I agree with the idea that we must include, even focus on the consumer to survive in the digital age that we created.  It is necessary to be equipped with digital knowledge and know how to give these “empowered buyers” want they want.  There are many similar and interchangeable terms and concepts at play.  Brand Media Strategy, Integrated Marketing Communications (IMC), multimedia communication, all are concepts that focus on including all relevant media to deliver your brand message to the consumer, in the RIGHT place, and at the RIGHT time to maximize the benefits of the channel.

In today’s world of social media, consumers are now in control. Brands must connect and communicate with consumers differently to be effectively in this new age. According to, Use Social Media to Partner with Customers and Improve Service,” social media platforms allow customer networks to be bigger, faster and better organized. This is good news for good service and bad news for bad service. Engaging customers on these platforms means that you can measure, surface and fix service breaks with unprecedented speed and accuracy.” It gives brands opportunity. Marketers have so many ways to influence and engage with customers. With social media channels, mobile apps, review forums, blogs, it is easier for marketers to reach consumers and for consumers to reach marketers.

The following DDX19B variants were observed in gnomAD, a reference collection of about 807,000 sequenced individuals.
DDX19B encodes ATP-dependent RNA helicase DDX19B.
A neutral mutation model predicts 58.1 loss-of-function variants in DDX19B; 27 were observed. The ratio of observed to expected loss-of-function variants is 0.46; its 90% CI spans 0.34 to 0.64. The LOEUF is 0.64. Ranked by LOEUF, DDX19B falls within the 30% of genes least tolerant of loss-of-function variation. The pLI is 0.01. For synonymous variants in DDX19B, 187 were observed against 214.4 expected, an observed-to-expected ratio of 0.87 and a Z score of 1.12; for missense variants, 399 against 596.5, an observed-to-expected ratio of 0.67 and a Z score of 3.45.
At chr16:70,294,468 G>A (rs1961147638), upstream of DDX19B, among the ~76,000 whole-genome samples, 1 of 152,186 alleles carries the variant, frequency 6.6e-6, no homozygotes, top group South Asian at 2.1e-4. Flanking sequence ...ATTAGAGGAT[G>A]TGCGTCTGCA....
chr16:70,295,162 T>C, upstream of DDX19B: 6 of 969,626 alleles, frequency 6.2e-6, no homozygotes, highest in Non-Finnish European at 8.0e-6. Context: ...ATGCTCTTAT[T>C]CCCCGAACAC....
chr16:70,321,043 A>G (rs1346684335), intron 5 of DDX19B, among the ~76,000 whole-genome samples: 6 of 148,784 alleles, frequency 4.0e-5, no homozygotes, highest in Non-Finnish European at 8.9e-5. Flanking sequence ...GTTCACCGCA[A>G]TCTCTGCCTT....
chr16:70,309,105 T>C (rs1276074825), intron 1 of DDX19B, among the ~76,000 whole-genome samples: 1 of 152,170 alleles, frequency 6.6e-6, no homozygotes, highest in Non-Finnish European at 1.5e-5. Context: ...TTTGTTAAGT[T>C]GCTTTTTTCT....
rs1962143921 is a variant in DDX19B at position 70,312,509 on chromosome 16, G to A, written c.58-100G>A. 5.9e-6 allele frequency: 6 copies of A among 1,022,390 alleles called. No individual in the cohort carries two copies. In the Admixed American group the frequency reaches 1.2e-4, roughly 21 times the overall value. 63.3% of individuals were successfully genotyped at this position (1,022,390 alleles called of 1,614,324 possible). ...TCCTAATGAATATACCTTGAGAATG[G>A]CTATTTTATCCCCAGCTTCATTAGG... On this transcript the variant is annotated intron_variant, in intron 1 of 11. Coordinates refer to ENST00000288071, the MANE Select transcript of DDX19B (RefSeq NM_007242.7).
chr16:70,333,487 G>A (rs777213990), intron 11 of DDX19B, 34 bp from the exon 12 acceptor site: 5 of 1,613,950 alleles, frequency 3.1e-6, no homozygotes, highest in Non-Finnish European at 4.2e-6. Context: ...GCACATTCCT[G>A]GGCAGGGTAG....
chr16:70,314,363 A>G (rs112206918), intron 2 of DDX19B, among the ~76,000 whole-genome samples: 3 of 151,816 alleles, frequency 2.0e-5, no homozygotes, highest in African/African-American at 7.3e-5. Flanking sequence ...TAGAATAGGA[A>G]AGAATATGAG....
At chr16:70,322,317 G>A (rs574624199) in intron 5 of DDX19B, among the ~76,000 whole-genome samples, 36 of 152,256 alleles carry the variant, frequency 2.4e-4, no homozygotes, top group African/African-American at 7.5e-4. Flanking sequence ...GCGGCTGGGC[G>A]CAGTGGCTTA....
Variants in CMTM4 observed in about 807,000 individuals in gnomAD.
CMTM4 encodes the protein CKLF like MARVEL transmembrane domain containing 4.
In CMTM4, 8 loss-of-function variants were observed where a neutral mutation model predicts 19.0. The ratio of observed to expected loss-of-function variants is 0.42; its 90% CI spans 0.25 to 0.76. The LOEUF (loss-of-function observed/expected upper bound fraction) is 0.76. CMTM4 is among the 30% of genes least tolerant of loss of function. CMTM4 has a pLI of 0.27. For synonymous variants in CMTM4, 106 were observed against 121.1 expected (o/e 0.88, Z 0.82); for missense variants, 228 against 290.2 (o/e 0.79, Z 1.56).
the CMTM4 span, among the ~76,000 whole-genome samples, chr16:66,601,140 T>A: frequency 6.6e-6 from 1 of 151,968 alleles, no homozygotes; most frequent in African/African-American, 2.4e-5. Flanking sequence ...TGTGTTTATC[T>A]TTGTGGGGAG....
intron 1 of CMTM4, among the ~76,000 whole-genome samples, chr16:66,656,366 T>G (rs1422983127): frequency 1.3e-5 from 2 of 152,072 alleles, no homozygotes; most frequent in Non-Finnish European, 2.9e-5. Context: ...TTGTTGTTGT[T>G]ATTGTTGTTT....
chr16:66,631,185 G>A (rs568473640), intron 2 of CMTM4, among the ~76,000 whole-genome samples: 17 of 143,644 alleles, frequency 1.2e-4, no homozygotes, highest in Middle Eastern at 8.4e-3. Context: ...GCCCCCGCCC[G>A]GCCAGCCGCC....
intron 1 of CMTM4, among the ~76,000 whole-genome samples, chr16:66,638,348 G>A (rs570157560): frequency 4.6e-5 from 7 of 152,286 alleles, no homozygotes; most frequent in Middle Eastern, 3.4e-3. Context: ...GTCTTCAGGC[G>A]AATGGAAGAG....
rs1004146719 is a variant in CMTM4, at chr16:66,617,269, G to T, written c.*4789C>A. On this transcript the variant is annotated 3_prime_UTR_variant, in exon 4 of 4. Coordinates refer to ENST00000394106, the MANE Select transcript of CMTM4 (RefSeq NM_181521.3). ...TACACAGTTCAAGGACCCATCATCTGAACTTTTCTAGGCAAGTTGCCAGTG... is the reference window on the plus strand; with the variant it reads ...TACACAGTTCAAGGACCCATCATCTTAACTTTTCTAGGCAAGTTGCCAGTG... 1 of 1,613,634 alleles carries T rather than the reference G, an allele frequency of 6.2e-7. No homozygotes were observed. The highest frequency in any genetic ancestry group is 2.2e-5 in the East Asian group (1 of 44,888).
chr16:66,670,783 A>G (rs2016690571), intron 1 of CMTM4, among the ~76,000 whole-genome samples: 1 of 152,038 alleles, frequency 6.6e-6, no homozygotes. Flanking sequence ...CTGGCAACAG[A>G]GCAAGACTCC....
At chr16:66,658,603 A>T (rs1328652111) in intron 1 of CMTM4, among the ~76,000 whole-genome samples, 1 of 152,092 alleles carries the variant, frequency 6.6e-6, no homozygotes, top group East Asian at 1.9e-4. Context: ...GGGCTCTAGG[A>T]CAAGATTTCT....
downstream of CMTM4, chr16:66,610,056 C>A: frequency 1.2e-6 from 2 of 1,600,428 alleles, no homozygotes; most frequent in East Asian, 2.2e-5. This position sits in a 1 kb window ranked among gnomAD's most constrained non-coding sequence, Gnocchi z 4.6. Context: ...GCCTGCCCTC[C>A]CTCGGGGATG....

The only question, have we given consumers too much power, creating social monsters with unachievable expectations? There are trolls out in the world, giving bad reviews just for the fun of it.  There are people that, when the slightest mistake occurs, rush to social outlets to bash and degrade a company.  The age of the consumer has companies across the globe jumping through hoops and dancing for pennies.  Shouldn’t there be a way to balance this?